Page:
There are four main players in the ongoing, and possibly accelerating, crisis, over Iran and its nuclear programme. There is, of course, the unelected yet ‘supreme’ leader of Iran, Ayatollah Ali Khamenei, who has definitive say over the direction of Iran’s nuclear programme (Iran’s elected — in a fashion — president, the ludicrous Mahmoud Ahmadinejad, has never had dispositive sway over it, and appears to be fading as a political power in any case).
Let’s not waste more millions ‘saving’ Old MastersLast week the National Gallery and National Gallery of Scotland proudly announced that they had jointly raised £45 million to buy Titian’s ‘Diana and Callisto’ from the Duke of Sutherland, thereby ‘saving it for the nation’. A few days before, Turkey’s Ministry of Culture and Tourism announced that it would be blocking export licences for various exhibits due to be displayed at the Metropolitan Museum of Art in New York, the British Museum and the Victoria & Albert Museum.
Why isn’t the mayor making mincemeat of Ken?Politicians do love their five-point plans, ten-point plans, 12-point plans, don’t they? Most of the points are usually Polyfilla, the political equivalents of ‘Your call is important to us,’ but at least there’s a nice round number involved. Last week, however, with characteristic originality, Boris Johnson unveiled British politics’ first-ever nine-point plan.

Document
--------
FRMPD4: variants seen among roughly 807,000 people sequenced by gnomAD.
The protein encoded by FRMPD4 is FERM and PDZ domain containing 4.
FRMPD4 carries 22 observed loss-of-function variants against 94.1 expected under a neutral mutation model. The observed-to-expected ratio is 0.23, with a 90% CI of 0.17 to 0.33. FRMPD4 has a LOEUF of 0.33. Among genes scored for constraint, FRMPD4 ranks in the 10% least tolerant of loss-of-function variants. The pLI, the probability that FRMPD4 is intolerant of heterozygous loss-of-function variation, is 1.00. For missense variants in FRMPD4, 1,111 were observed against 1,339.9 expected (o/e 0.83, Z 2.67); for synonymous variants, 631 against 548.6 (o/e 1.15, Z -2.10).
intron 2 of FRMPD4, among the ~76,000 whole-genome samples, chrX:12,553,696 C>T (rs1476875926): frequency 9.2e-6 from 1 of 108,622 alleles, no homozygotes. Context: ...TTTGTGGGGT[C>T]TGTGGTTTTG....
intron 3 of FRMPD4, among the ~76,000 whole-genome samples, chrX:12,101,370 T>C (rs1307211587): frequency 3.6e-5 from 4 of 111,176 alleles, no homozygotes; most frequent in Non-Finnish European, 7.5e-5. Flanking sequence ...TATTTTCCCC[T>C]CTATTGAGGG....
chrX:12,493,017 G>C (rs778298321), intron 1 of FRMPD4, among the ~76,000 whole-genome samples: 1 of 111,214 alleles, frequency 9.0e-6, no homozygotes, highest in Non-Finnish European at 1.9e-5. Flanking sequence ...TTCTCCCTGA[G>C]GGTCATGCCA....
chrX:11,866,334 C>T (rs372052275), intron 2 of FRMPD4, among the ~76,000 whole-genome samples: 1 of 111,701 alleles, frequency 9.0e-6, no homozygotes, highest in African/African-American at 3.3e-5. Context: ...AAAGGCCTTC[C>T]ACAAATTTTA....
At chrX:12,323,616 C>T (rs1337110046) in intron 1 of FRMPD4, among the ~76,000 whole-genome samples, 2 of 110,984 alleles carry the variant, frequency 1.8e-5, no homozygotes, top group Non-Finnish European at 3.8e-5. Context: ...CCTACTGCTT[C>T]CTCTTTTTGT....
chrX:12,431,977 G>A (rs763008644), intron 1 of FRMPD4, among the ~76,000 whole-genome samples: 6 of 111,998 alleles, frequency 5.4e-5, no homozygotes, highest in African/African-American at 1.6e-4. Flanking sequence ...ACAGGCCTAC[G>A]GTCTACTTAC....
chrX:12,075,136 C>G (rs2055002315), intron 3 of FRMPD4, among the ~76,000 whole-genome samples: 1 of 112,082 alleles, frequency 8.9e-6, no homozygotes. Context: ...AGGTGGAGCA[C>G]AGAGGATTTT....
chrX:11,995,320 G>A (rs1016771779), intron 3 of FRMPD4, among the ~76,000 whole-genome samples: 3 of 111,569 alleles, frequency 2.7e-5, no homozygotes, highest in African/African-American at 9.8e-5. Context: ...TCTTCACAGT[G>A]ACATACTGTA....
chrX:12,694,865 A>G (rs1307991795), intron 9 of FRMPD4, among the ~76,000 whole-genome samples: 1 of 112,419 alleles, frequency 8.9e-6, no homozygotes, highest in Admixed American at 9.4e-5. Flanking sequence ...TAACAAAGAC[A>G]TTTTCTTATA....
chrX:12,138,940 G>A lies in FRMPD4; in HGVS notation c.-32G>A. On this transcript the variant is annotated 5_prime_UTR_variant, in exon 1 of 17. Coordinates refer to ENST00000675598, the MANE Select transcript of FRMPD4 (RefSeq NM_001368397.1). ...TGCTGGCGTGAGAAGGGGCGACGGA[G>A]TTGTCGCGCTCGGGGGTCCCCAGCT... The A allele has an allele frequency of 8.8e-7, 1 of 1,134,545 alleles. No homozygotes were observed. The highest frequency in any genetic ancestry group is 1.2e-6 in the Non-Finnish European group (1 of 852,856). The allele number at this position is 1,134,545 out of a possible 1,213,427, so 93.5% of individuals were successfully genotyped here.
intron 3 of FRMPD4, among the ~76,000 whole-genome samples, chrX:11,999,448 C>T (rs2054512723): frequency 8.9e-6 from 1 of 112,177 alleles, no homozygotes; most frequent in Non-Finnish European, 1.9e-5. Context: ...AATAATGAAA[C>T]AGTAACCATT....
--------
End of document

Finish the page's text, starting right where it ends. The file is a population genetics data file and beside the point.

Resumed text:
I’m told that the new production of Dvorˇák’s Rusalka at the Royal Opera House is controversial. There were boos at the first night and reports of audience members walking out in disgust.I too walked out in disgust. Mine, however, had nothing to do with what was happening on stage. It was prompted by the man sitting next to me, who arrived trailing BO the impact of which could alone knock out any Iranian nuclear bomb.
Zambia’s new, white vice president on understanding Mugabe and standing up to ChinaLusaka, Zambia
Zambia’s new vice president, Dr Guy Scott, sinks into the back seat of his armoured car. Motorbike outriders clear the traffic ahead of us as we glide through the capital. ‘I am enjoying the toys, I must say.’ He means the helicopter and the two motorcades — one for the city, another for the bush.
The Borders could handle a wee bit more love: while no one wants the place to be like the Lake District, a-bustle with elderly couples in brightly coloured clothing, a slight increase in appreciation would be acceptable. Flown over, passed through, not much visited, the Borders (by which is meant the cross-border region comprising Berwickshire, Roxburgh, Selkirk and Peebles, and north Northumberland) is scarcely known for what it is, a land not only hooching with history and presently strong — keeping its young — but also astonishingly, ever-changingly, easy on the eye.